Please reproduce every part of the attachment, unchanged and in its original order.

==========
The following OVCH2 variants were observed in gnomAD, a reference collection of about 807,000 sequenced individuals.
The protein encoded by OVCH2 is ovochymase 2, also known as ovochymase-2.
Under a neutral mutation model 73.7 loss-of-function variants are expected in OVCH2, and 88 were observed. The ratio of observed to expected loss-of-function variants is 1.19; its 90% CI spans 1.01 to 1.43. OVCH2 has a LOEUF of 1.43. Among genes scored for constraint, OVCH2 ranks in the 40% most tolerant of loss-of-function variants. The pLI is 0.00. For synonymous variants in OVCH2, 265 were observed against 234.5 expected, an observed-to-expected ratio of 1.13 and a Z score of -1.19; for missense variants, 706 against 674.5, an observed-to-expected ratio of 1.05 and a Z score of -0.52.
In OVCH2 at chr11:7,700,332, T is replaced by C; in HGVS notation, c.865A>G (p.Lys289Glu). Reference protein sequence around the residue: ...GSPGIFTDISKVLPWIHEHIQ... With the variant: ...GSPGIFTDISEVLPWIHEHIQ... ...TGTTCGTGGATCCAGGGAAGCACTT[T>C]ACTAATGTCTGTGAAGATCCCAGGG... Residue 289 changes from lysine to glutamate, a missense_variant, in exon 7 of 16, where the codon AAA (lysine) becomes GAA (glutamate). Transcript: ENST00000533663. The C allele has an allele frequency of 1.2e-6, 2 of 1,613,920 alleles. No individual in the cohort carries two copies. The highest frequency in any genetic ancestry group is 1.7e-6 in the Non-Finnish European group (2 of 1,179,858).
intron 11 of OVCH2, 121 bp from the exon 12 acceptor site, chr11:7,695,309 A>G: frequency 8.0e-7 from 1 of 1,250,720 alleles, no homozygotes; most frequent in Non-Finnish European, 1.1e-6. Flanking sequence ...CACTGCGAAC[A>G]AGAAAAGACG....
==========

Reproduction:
The following OVCH2 variants were observed in gnomAD, a reference collection of about 807,000 sequenced individuals.
The protein encoded by OVCH2 is ovochymase 2, also known as ovochymase-2.
Under a neutral mutation model 73.7 loss-of-function variants are expected in OVCH2, and 88 were observed. The ratio of observed to expected loss-of-function variants is 1.19; its 90% CI spans 1.01 to 1.43. OVCH2 has a LOEUF of 1.43. Among genes scored for constraint, OVCH2 ranks in the 40% most tolerant of loss-of-function variants. The pLI is 0.00. For synonymous variants in OVCH2, 265 were observed against 234.5 expected, an observed-to-expected ratio of 1.13 and a Z score of -1.19; for missense variants, 706 against 674.5, an observed-to-expected ratio of 1.05 and a Z score of -0.52.
In OVCH2 at chr11:7,700,332, T is replaced by C; in HGVS notation, c.865A>G (p.Lys289Glu). Reference protein sequence around the residue: ...GSPGIFTDISKVLPWIHEHIQ... With the variant: ...GSPGIFTDISEVLPWIHEHIQ... ...TGTTCGTGGATCCAGGGAAGCACTT[T>C]ACTAATGTCTGTGAAGATCCCAGGG... Residue 289 changes from lysine to glutamate, a missense_variant, in exon 7 of 16, where the codon AAA (lysine) becomes GAA (glutamate). Transcript: ENST00000533663. The C allele has an allele frequency of 1.2e-6, 2 of 1,613,920 alleles. No individual in the cohort carries two copies. The highest frequency in any genetic ancestry group is 1.7e-6 in the Non-Finnish European group (2 of 1,179,858).
intron 11 of OVCH2, 121 bp from the exon 12 acceptor site, chr11:7,695,309 A>G: frequency 8.0e-7 from 1 of 1,250,720 alleles, no homozygotes; most frequent in Non-Finnish European, 1.1e-6. Flanking sequence ...CACTGCGAAC[A>G]AGAAAAGACG....